AF: When you’re looking at extremophiles, how they’ve adapted to their local environment doesn’t really tell us much about the global environment.

JDR: What do you mean, the global environment?

AF: Extremophiles living on a thermal vent versus 30 degrees outside and snowing.  I guess the last question I would want to ask is as far as how these extremophiles would evolve over time, would there need to be a change in the environment to spur genetic diversification of these extremophiles, or, if, and if that is the case, if we were to find extremophiles living in, say, Mars’s soil or a few feet underground, would we expect to find that same type of extremophile over the entire planet…I guess, how does a changing environment change….

JDR: So micro organisms….Well, microorganisms are absolutely fantastic.  They can adapt to many different conditions and changing conditions in the environment.  Even within a population of microorganisms that live in, say, in a hydrothermal vent, you do have multiple variants and you have genetic changes happening all the time in these populations, random mutations that may have consequences on specific pathways of the metabolism or the way they use a specific energy source.  So they’re constantly evolving all the time, and you have all those multiple variants in one population.  If the conditions change to some extent, the dominant organisms might not be dominant anymore, but another part of the population that is better adapted will rise and then colonize this whole environment.  What I’m saying is that microorganisms have a tremendous capacity to adapt.  If there’s another niche that opens—for example, suddenly there’s an import of new carbon sources, you will find organisms that will be able to use those carbon sources and then colonize this niche.  And it’s true for higher temperature and lower temperature—although we think there is a limit for the biochemistry that we know as far as temperature.  But organisms in a population of hyperthermophiles are not all the same, and some might be able to grow at a lower temperature.  So let’s say your thermal source decreases in temperature.  Then you’re not going to have the same dominant organisms that you’re going to have otherwise.

AF: Right.  I guess what I was thinking of was Europa—or is it Enceladus…one of those two—shoot, now I’m embarrassed—one of those two has the geothermal vents, but the rate at which they’re spewing out mass leads us to think that this isn’t a steady state for the object because over time, at the rate spewing mass, it would exhaust all its mass in just a few million years—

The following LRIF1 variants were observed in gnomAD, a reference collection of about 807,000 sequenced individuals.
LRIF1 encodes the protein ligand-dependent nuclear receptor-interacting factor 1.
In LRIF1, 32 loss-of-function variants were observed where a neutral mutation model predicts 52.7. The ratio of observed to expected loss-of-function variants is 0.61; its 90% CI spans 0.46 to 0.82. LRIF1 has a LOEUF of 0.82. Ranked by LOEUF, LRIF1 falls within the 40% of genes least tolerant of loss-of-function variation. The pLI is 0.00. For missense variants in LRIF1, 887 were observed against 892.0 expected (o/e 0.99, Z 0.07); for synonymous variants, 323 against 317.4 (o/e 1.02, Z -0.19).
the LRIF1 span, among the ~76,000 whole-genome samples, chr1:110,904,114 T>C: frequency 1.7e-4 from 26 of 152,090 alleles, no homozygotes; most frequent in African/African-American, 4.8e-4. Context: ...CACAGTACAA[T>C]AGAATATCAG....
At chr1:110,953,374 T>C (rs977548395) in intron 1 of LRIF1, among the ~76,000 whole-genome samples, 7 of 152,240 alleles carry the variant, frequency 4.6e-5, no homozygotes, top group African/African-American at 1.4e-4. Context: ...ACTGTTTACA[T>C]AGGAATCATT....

JDR: Right, so you think it’s intermittent—

AF: So, yeah, the geysers are intermittent—

JDR: Are you talking about the ones at the surface, those big geysers at the surface?

AF: Yeah, the one where they’re at the South Pole.

JDR: That’s Enceladus.

AF: So, the question would have been, do we have examples of extremophiles where we’ve taken them into the lab or changed their environment, and they’ve adapted, or…

JDR: Yeah, all the time.  You can do that very easily with microorganisms.  I’ll give you an example.  The organism we’re working on at the moment is Halobacterium.  They’re fairly resistant to radiation.  We measure the resistance to radiation as the D10, which corresponds to the radiation doses for which 10% of a population survive.  So the D10 of the organism, that is called the wild type.  The regular organism is five kilo Gray—that’s measured radioactivity—which is pretty high.  This is 5000 Gray, and humans are killed by five Gray.  Those survive 5000 Gray humans died with five Grays.  But it’s okay, 5000 Gray is pretty good.  But what we did was we took those organisms and then we exposed them to nine rounds of very, very high levels of radiation.  We exposed them, came back to the lab, grew the survivors, exposed them, came back to the lab, grow the survivors.  We did that nine times.  And at the end of those cycles of radiation, we raised the D10 of the organisms to 16000 Gray.  So we increased the radiation resistance by an enormous amount.  We went from 5000 to 16000, which is a lot, just by subjecting them to a selective pressure.  So you can do that all the time with microorganisms.  The questions with those intermittent geysers are different in the sense that you would have a heat source but also a nutrient source for a while.  Then you won’t have anything very long time.  And then something is happening again.  Well, there are microorganisms that can survive several million years in salt crystals.  That’s work from Russell Freeland who revived microorganisms had been trapped in salt crystals from a salt mine and that were several million years old.  So microorganisms can survive for a long time being dormant.  And when the right conditions happen again, they can grow again.  So they are tremendously good at adapting to different environmental conditions.  They’re also very good at surviving for very long periods in the dormant state.  I mean, spores of Bacillus, for example—we all know about anthrax—those spores are very resistant and can resist heat, acid, lots of different thing.  You can imagine sporulating microorganism, with spores sitting in the environment for millions of years.